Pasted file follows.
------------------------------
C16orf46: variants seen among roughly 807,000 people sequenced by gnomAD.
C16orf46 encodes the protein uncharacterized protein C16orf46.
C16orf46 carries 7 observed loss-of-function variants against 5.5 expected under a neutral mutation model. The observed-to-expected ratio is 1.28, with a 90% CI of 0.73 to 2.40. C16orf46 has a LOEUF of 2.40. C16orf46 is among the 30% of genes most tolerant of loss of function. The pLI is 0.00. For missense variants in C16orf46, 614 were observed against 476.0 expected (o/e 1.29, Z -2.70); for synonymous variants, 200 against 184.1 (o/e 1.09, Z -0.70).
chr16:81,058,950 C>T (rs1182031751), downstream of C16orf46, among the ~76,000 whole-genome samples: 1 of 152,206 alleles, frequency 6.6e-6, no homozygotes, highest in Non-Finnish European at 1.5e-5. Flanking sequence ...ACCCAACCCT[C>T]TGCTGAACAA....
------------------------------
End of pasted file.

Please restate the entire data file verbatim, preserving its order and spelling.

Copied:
C16orf46: variants seen among roughly 807,000 people sequenced by gnomAD.
C16orf46 encodes the protein uncharacterized protein C16orf46.
C16orf46 carries 7 observed loss-of-function variants against 5.5 expected under a neutral mutation model. The observed-to-expected ratio is 1.28, with a 90% CI of 0.73 to 2.40. C16orf46 has a LOEUF of 2.40. C16orf46 is among the 30% of genes most tolerant of loss of function. The pLI is 0.00. For missense variants in C16orf46, 614 were observed against 476.0 expected (o/e 1.29, Z -2.70); for synonymous variants, 200 against 184.1 (o/e 1.09, Z -0.70).
chr16:81,058,950 C>T (rs1182031751), downstream of C16orf46, among the ~76,000 whole-genome samples: 1 of 152,206 alleles, frequency 6.6e-6, no homozygotes, highest in Non-Finnish European at 1.5e-5. Flanking sequence ...ACCCAACCCT[C>T]TGCTGAACAA....